This doesn’t account for the €6,436,000,000.00 they attributed to cost of revenue (fees, commissions, paying rightsholders)

Pretty broad categories right? We can make some guesstimations on what these categories consist of…things link payroll and benefits for their roughly 10,000 employees, office space, software, their own marketing and promotional activities, etc.

Here’s a breakdown of their expenses across the 3 categories along with projections based on how each category has grown over the past year:

Sturppy Expenses Breakdown - Sturppy Projections

Spotify financial projections (2023 and beyond)

NOTE: None of this is meant to be financial advice. I am not a financial advisor, nor should you use any of this information to inform purchasing or selling decisions. This information is purely meant for entertainment and education only. Be smart, do your own research. Here’s a link to Spotify’s official investor reporting if you want to do your own analysis.

So…is Spotify profitable? Short answer; ehh not really

  • Q1 2022: Operating loss of €6 million
  • Q2 2022: Operating loss of €194 million
  • Q3 2022: Operating loss of €228 million
  • Q4 2022: Guidance - Operating loss of €300 million

Based purely on using the last 3 quarters of 2022 trending data, their projections look…iffy…keep in mind this model is ONLY using the last 3 quarters of historical data and projecting those trends out into the future.

Over the first 3 quarters of 2021, Spotify spent €1.778 Billion across R&D, Sales & Marketing, and G&A expenses.

Over the first 3 quarters of 2022, Spotify spent €2.553 Billion across the same categories…that’s an increase of 30% for the same time period. Comparing the first 3 Q’s of 2021 to 2022 revenues, their revenue only grew 18.4%.

Spotify Rev vs. Expenses - Sturppy Projections
Spotify net income - Sturppy Projections

What can Spotify do to stop the bleeding?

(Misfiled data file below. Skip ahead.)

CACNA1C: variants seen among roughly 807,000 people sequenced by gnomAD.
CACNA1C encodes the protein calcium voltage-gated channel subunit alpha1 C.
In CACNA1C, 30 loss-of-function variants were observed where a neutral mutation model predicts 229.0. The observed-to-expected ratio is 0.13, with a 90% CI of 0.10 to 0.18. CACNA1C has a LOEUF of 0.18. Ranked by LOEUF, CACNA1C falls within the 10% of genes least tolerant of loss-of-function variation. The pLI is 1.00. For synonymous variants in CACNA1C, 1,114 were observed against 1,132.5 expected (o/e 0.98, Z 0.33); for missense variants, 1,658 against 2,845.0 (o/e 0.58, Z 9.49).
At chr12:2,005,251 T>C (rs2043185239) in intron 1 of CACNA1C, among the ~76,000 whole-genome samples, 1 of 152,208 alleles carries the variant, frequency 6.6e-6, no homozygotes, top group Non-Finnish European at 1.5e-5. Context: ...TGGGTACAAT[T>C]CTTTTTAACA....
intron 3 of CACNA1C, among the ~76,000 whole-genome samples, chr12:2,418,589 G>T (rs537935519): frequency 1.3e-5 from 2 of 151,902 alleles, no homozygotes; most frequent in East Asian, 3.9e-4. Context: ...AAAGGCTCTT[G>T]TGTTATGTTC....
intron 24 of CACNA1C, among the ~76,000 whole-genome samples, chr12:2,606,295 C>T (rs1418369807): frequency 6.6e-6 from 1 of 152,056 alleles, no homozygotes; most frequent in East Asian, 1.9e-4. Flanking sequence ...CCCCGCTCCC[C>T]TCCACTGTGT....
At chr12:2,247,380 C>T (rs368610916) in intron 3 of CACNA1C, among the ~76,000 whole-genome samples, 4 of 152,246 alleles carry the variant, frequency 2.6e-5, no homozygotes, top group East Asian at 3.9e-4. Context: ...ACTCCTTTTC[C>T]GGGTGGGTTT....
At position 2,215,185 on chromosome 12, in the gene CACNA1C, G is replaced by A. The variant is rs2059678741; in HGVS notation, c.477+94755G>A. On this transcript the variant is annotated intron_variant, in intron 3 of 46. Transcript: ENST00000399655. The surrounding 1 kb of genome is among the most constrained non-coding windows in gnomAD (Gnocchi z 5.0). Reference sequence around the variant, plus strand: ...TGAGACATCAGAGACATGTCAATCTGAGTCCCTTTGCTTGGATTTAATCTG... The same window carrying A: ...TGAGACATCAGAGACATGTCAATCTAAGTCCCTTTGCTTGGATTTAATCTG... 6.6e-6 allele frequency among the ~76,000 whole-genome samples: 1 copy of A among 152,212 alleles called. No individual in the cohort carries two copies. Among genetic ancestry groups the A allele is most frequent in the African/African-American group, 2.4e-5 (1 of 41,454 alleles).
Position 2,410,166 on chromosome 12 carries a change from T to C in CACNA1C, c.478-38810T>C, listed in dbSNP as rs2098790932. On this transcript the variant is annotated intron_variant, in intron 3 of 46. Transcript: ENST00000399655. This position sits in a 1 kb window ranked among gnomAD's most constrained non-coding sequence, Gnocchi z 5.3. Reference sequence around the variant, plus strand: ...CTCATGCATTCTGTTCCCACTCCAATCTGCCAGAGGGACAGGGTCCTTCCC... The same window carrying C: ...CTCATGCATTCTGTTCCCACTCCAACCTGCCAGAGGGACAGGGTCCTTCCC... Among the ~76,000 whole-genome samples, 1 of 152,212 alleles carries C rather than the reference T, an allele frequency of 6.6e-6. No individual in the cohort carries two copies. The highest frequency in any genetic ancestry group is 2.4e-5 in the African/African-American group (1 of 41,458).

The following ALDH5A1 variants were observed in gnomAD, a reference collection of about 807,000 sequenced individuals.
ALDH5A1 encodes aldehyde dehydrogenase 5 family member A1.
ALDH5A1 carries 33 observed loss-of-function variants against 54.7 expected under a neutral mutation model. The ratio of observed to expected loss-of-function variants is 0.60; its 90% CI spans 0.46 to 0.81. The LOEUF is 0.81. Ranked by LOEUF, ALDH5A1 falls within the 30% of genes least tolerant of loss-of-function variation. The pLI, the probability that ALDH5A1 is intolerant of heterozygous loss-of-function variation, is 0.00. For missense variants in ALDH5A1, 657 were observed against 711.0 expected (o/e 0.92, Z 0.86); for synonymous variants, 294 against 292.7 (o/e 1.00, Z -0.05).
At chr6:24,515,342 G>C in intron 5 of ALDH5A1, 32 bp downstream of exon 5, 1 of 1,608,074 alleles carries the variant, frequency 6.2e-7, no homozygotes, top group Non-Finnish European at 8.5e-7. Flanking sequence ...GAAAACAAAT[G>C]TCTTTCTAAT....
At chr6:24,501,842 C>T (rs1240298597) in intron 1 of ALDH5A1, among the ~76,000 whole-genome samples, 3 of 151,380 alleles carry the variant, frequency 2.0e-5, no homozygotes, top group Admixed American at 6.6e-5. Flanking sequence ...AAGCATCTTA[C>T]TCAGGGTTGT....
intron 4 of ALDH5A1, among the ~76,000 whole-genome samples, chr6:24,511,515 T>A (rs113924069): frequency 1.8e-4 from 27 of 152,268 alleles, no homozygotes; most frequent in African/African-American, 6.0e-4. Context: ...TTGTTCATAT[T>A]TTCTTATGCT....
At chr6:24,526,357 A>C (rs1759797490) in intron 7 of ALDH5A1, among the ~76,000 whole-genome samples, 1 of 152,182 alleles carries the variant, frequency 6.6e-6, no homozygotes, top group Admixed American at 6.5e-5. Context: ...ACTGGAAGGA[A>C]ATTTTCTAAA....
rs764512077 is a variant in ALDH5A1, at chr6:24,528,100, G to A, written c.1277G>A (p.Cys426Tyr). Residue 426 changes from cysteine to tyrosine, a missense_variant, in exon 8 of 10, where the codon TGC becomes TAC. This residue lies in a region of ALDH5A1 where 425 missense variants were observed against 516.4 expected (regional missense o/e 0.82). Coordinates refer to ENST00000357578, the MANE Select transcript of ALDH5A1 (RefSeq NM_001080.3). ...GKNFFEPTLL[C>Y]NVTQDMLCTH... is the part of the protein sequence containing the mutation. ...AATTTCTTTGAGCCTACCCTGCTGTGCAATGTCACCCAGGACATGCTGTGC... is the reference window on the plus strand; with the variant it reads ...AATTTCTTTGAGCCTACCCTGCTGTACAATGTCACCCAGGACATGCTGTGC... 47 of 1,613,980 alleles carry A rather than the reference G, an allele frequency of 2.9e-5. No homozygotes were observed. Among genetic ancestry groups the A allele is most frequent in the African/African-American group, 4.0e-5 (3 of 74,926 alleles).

Spotify has basically 3 options here:

  1. Increase top of line revenues - find a way of converting more ad-supported MAUs to Premium Subscribers
  2. Increase bottom line revenues - find a way to to increase their ARPU. For every paying user, they’re only bringing in about $4.75/mo.
  3. Decrease expenses - Cut spending. Though Spotify hasn’t officially announced any major layoffs in 2022, I wouldn’t be surprised if they slow hiring or make major layoffs to cut their over head expenses and focus on increasing free cashflow going into 2023.

Who might acquire Spotify? (speculation & prediction)

Spotify went public in 2018, and their stock price just touched all time lows on Nov, 4, 2022 trading at $69.28 a share…is it the right time to sell? Who might acquire Spotify?

My best guess, if Spotify were to be acquired, it’d be by Disney.

Here’s why I believe Disney might be a good home for Spotify

  • Disney’s streaming business has more subscribers than Netflix yet they are on pace to lose around $1.5 Billion in Q4 2022 alone…their streaming business is in trouble.
  • Disney’s long time super star CEO, Bob Iger was just announced as coming back for a 2-year stint. Bob’s known as being one of the greatest deal makers of all time. He led the acquisition of Marvel, Lucas Films, and Pixar, all of which were tremendous ROIs for Disney. Bob’s a deal maker, full stop.
  • Disney’s streaming business has to compete against Amazon, Netflix, Hulu, and so many others. They’re all spending billions on original content and it’s simply not sustainable.
  • Disney + Spotify would be a streaming juggernaut giving their combined 500 million + subscribers access to video and audio verticals.

Final thoughts

I hope you enjoyed this week’s business model break down powered by Sturppy. I co-founded Sturppy in 2021 to help founders build investor-ready financial models without the need to have experience or expertise in finance.